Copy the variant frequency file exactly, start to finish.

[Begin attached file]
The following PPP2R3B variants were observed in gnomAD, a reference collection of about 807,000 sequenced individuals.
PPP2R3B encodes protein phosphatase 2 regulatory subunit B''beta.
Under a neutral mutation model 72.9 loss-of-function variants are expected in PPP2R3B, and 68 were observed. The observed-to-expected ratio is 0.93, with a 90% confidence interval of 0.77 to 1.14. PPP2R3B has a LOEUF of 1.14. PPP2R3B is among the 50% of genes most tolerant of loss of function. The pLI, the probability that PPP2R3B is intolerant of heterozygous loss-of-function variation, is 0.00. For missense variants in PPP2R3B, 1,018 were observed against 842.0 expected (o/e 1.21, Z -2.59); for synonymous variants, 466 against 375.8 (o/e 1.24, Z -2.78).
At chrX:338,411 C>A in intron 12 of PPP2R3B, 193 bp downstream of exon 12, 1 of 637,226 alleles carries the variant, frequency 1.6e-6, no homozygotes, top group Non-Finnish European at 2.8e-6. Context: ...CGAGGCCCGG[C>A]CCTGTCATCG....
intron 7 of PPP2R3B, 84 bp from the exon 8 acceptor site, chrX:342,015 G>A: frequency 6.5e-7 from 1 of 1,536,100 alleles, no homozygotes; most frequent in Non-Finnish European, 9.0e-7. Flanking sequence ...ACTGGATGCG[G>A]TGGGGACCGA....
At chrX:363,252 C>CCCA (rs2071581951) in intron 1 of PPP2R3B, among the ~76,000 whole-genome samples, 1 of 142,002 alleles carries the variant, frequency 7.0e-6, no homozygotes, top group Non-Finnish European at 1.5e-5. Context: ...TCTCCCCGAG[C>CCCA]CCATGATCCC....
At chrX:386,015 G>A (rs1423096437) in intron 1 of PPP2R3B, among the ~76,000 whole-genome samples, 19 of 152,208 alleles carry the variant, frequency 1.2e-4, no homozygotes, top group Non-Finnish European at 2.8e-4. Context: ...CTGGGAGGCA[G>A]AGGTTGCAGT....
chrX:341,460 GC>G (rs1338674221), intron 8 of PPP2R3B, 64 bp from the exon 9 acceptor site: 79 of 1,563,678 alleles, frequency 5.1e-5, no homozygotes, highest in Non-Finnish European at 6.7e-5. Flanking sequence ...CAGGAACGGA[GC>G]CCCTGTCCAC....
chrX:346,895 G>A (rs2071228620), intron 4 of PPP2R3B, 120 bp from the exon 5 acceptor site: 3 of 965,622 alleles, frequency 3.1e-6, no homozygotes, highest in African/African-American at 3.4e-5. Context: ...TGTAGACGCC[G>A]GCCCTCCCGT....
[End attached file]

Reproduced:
The following PPP2R3B variants were observed in gnomAD, a reference collection of about 807,000 sequenced individuals.
PPP2R3B encodes protein phosphatase 2 regulatory subunit B''beta.
Under a neutral mutation model 72.9 loss-of-function variants are expected in PPP2R3B, and 68 were observed. The observed-to-expected ratio is 0.93, with a 90% confidence interval of 0.77 to 1.14. PPP2R3B has a LOEUF of 1.14. PPP2R3B is among the 50% of genes most tolerant of loss of function. The pLI, the probability that PPP2R3B is intolerant of heterozygous loss-of-function variation, is 0.00. For missense variants in PPP2R3B, 1,018 were observed against 842.0 expected (o/e 1.21, Z -2.59); for synonymous variants, 466 against 375.8 (o/e 1.24, Z -2.78).
At chrX:338,411 C>A in intron 12 of PPP2R3B, 193 bp downstream of exon 12, 1 of 637,226 alleles carries the variant, frequency 1.6e-6, no homozygotes, top group Non-Finnish European at 2.8e-6. Context: ...CGAGGCCCGG[C>A]CCTGTCATCG....
intron 7 of PPP2R3B, 84 bp from the exon 8 acceptor site, chrX:342,015 G>A: frequency 6.5e-7 from 1 of 1,536,100 alleles, no homozygotes; most frequent in Non-Finnish European, 9.0e-7. Flanking sequence ...ACTGGATGCG[G>A]TGGGGACCGA....
At chrX:363,252 C>CCCA (rs2071581951) in intron 1 of PPP2R3B, among the ~76,000 whole-genome samples, 1 of 142,002 alleles carries the variant, frequency 7.0e-6, no homozygotes, top group Non-Finnish European at 1.5e-5. Context: ...TCTCCCCGAG[C>CCCA]CCATGATCCC....
At chrX:386,015 G>A (rs1423096437) in intron 1 of PPP2R3B, among the ~76,000 whole-genome samples, 19 of 152,208 alleles carry the variant, frequency 1.2e-4, no homozygotes, top group Non-Finnish European at 2.8e-4. Context: ...CTGGGAGGCA[G>A]AGGTTGCAGT....
chrX:341,460 GC>G (rs1338674221), intron 8 of PPP2R3B, 64 bp from the exon 9 acceptor site: 79 of 1,563,678 alleles, frequency 5.1e-5, no homozygotes, highest in Non-Finnish European at 6.7e-5. Flanking sequence ...CAGGAACGGA[GC>G]CCCTGTCCAC....
chrX:346,895 G>A (rs2071228620), intron 4 of PPP2R3B, 120 bp from the exon 5 acceptor site: 3 of 965,622 alleles, frequency 3.1e-6, no homozygotes, highest in African/African-American at 3.4e-5. Context: ...TGTAGACGCC[G>A]GCCCTCCCGT....